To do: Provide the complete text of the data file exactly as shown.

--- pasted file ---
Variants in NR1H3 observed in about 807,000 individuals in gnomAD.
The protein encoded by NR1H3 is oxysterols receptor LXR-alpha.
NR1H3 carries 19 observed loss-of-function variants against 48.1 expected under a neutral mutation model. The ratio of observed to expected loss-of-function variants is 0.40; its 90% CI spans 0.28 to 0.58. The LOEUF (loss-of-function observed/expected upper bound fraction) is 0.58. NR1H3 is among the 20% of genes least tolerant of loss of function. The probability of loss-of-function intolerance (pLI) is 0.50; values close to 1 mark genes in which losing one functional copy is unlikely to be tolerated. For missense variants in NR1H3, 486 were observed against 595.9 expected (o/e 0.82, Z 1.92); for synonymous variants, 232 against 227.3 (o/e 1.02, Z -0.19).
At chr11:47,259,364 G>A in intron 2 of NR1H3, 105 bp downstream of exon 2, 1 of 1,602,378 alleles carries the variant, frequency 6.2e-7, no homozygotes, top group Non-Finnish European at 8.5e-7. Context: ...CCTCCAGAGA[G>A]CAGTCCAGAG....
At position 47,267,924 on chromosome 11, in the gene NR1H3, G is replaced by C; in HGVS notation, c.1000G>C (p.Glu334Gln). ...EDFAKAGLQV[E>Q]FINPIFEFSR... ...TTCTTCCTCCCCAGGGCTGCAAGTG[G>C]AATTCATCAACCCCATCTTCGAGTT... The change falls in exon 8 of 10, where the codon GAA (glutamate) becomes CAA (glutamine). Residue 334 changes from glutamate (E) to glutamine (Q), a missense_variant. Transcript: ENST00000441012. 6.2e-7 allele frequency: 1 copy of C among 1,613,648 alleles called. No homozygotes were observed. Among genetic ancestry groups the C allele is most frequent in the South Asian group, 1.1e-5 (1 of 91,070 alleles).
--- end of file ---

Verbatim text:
Variants in NR1H3 observed in about 807,000 individuals in gnomAD.
The protein encoded by NR1H3 is oxysterols receptor LXR-alpha.
NR1H3 carries 19 observed loss-of-function variants against 48.1 expected under a neutral mutation model. The ratio of observed to expected loss-of-function variants is 0.40; its 90% CI spans 0.28 to 0.58. The LOEUF (loss-of-function observed/expected upper bound fraction) is 0.58. NR1H3 is among the 20% of genes least tolerant of loss of function. The probability of loss-of-function intolerance (pLI) is 0.50; values close to 1 mark genes in which losing one functional copy is unlikely to be tolerated. For missense variants in NR1H3, 486 were observed against 595.9 expected (o/e 0.82, Z 1.92); for synonymous variants, 232 against 227.3 (o/e 1.02, Z -0.19).
At chr11:47,259,364 G>A in intron 2 of NR1H3, 105 bp downstream of exon 2, 1 of 1,602,378 alleles carries the variant, frequency 6.2e-7, no homozygotes, top group Non-Finnish European at 8.5e-7. Context: ...CCTCCAGAGA[G>A]CAGTCCAGAG....
At position 47,267,924 on chromosome 11, in the gene NR1H3, G is replaced by C; in HGVS notation, c.1000G>C (p.Glu334Gln). ...EDFAKAGLQV[E>Q]FINPIFEFSR... ...TTCTTCCTCCCCAGGGCTGCAAGTG[G>C]AATTCATCAACCCCATCTTCGAGTT... The change falls in exon 8 of 10, where the codon GAA (glutamate) becomes CAA (glutamine). Residue 334 changes from glutamate (E) to glutamine (Q), a missense_variant. Transcript: ENST00000441012. 6.2e-7 allele frequency: 1 copy of C among 1,613,648 alleles called. No homozygotes were observed. Among genetic ancestry groups the C allele is most frequent in the South Asian group, 1.1e-5 (1 of 91,070 alleles).